My mother has a new neighbor–again.
Since I moved to the United States in 1981, my mother, Attie, and I talk on the phone every Sunday morning at 10 am. In June of 2001, she announced casually that she had a new neighbor.
Attie and her husband Chris live in a perfectly nice middle class neighborhood in Scheveningen, the Netherlands, a beach resort and fishing town that is part of The Hague. Since the new neighbor moved in by helicopter, my mother said disapprovingly–parodying her own very-proper mother–he was obviously an unsavory character.
At my daughterly impatience with this coyness Attie added that his first name was Slobodan, and she was sorry the maximum penalty the International Criminal Tribunal for the Prosecution of Persons Responsible for Serious Violations of International Humanitarian Law Committed in the Territory of the Former Yugoslavia Since 1991(ICTY) can impose is life imprisonment. She’d like to see him hanged or shot. One Slobodan Milosevic had moved into the prison across the street.
Attie is not ordinarily bloodthirsty, but she carries within herself the trouble and violence of Europe in her lifetime. As a child, she traveled through a Germany and Austria, rapidly changing into something her mother, who was raised in Germany, swore she would never return to.
Germany invaded the Netherlands on May 10, 1940–the Netherlands capitulated on the 14th, after Rotterdam had been bombed to smithereens–an order to cease had gone astray, apparently. On May 13, 1940, my grandfather, a captain assigned to the Minister of Defense, fled with the rest of the Dutch government and the royal family to exile in England for the duration. His family stayed behind. No Daddy, no army, no government–no income.
In short order, placid Dutch bourgeois life became really weird. The"family" consisted of my grandmother, my mother (12) and two Jewish boys younger than 6 whose mother had taken off for parts unknown and whose father called from Indonesia to entrust them in her care. Fortunately, my grandmother had a boyfriend, who quickly moved in with the family. (My "Oma"wasn’t quite as"nice"as she later appeared to be.) The new live-in boyfriend,"Opa"to me as a child, was a businessman who came with an adopted daughter and had many friends among the Jewish community in Amsterdam. People came knocking for a safe haven after the Nazi net was tightened one raid (razzia) after another,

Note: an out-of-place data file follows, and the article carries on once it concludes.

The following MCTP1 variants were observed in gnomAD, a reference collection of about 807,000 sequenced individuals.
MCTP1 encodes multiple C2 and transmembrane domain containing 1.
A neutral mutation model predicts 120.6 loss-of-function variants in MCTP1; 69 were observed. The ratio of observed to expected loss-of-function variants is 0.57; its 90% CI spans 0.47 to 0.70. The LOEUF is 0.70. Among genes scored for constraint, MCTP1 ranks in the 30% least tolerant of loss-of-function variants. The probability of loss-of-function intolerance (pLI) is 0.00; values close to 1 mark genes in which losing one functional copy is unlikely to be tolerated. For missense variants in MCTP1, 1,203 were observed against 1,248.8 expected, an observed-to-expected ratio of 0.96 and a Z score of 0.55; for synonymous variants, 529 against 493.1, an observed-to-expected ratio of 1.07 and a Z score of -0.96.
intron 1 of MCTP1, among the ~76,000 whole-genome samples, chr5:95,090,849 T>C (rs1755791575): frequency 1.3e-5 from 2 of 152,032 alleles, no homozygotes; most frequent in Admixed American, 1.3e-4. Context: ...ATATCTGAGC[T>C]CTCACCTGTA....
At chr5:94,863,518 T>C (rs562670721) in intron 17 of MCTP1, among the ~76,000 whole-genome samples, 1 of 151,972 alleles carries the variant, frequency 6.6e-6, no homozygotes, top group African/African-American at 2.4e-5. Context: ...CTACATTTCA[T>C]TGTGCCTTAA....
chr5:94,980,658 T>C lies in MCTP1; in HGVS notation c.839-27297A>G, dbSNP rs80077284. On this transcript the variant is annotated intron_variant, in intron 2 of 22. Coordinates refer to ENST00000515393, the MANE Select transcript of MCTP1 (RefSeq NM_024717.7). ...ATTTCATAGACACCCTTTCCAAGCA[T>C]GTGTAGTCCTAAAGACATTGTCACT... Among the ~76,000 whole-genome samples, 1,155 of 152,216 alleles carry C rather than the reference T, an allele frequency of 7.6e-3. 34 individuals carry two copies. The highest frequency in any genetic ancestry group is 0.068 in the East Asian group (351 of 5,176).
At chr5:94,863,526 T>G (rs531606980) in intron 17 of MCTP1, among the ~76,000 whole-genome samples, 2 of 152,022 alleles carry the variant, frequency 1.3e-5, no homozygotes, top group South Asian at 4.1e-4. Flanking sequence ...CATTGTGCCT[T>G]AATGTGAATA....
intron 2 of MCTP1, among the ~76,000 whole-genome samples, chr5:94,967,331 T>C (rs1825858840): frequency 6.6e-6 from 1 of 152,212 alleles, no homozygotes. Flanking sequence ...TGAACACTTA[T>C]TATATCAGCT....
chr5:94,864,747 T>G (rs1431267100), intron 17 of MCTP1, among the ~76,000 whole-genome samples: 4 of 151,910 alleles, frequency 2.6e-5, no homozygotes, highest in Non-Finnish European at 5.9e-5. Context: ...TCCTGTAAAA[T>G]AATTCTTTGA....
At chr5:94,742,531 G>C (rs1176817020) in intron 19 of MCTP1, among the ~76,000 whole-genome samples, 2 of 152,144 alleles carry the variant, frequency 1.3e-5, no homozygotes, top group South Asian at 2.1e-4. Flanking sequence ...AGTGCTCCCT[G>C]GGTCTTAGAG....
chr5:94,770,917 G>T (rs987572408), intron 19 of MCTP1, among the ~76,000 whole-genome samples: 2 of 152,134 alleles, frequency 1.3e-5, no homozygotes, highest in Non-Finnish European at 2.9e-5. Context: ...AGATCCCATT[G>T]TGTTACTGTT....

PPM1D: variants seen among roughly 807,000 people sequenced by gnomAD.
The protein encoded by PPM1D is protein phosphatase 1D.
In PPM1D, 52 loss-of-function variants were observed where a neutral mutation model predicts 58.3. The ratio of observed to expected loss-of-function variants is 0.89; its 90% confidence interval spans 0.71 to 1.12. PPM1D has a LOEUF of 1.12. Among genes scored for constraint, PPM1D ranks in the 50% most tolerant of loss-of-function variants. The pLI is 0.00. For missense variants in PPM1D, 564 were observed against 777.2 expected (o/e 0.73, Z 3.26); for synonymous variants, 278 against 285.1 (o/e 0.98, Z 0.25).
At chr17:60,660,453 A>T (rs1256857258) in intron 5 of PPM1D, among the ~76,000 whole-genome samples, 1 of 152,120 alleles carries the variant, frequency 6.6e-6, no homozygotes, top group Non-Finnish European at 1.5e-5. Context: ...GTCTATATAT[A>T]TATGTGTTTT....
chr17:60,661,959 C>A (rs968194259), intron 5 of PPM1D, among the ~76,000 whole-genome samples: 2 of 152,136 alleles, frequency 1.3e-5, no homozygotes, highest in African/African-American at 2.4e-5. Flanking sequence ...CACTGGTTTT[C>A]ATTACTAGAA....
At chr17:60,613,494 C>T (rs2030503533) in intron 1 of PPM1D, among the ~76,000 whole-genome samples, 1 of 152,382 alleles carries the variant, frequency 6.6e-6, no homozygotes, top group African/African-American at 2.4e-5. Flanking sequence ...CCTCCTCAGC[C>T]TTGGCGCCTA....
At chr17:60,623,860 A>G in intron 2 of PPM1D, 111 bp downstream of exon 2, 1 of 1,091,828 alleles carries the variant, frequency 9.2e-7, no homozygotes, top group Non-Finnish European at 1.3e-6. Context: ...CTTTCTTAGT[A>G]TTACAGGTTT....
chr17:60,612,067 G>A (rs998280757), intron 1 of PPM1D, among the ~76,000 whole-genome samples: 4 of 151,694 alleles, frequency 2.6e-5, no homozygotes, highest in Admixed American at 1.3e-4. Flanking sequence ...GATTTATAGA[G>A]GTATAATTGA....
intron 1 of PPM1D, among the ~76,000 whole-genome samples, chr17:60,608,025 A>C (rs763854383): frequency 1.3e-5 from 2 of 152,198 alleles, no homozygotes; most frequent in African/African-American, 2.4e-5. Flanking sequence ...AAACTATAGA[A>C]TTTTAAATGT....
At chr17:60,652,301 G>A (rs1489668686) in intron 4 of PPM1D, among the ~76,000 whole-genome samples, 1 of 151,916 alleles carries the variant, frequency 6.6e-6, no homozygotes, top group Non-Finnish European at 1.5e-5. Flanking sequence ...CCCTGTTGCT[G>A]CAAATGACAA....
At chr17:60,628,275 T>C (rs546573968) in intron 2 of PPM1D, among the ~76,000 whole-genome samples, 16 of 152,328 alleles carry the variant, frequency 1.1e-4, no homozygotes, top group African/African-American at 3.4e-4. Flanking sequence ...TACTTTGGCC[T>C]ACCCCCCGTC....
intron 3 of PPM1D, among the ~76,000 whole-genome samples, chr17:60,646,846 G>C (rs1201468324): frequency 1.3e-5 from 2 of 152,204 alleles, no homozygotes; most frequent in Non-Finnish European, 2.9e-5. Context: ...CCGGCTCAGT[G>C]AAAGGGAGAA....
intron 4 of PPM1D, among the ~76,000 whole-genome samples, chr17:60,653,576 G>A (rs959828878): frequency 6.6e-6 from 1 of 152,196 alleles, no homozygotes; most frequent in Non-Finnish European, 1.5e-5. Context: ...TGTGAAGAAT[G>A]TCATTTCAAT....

Two Jewish young men joined the crowd. Another couple moved in for about three months–the woman gave my mother a ring I now cherish–but moved on because they felt it was too crowded in the small apartment of a middle-level military family. They were never heard from again.
As the Allied war effort heated up after the Americans joined in December 1941, Nazi defenses also ramped up. For the construction of the Atlantikwall, large parts of Scheveningen and The Hague were torn down. My grandmother and her extensive family were evacuated to Gouda in 1943. This meant crossing a number of checkpoints, accomplished with a combination of false papers and my mother checking through with each of the older boys, dressed as girls with Dutch head scarves, in turn. (Detail: Karel looks pan-Semitic, a crossover King Hussein of Jordan, Assad, and Omar Sharif. He was fairly difficult to disguise as either Dutch or a girl.)
Occupied Holland got progressively difficult to move around in. After 1942, Dutch men 18 and over were conscripted to work in German munitions factories–the same factories bombed in raids that involved hundreds and thousands of Allied planes crossing over the western part of Holland each and every dark, dark night. V-1 and V-2 missiles were launched from Scheveningen; many simply exploded upon launching. You get the picture: Dutch and Jewish boys under the floor, no more school, some resistance work, cold, hunger, fear.
Attie is pretty fierce about the war criminals living next door. But . . . she isn’t too sanguine about planes flying overhead and helicopters providing security, either. September 11, 2001 and the aftermath were a big deal for her. Here in the United States, the world became eerie in the utter quietude of the skies when all air traffic was shut down. In Holland, it apparently caused a great deal of jet fighter traffic overhead.
Attie announced that she was not coming to visit me that October, as planned, and that she would never do so again. She was too afraid she’d end up stranded across the ocean from home.
So when NPR casually announces that Radovan Karad~i has been caught, and brought to The Hague to stand trial, I take notice. I call my mother to ask whether she has another new neighbor."He flew in by helicopter at 7:45 this morning, and must therefore be an unsavory character,"she says, and we laugh at the old joke.
History in some way touches us all. What we do and experience isn’t neutral or random. I am not about to argue it is predestined, preordained, or patterned. But I would say that what happens today, to us, the things we do, the choices we make, and the news we read–it all has a place in and among and related to the other things that happen. And when we can see that place a little bit, we understand more about the world and our own place in it.
War criminals need to be in prison and stand trial. But are all imprisonments the same? Does Prison define the Prisoner or vice versa? When lots of the same kind of people end up in prisons at one place and one time, is it because they are so much worse as people than others? Or does it have something to do with how the confiners define who has to be in prison?
The KB–the Dutch National Library, provides a terrific Web exhibit entitled, in English, Memory of the Netherlands. The theme War provides access to a great deal of imagery from World War II. Unfortunately, the labels of the articles are in Dutch. See also the exhibit Traces of War.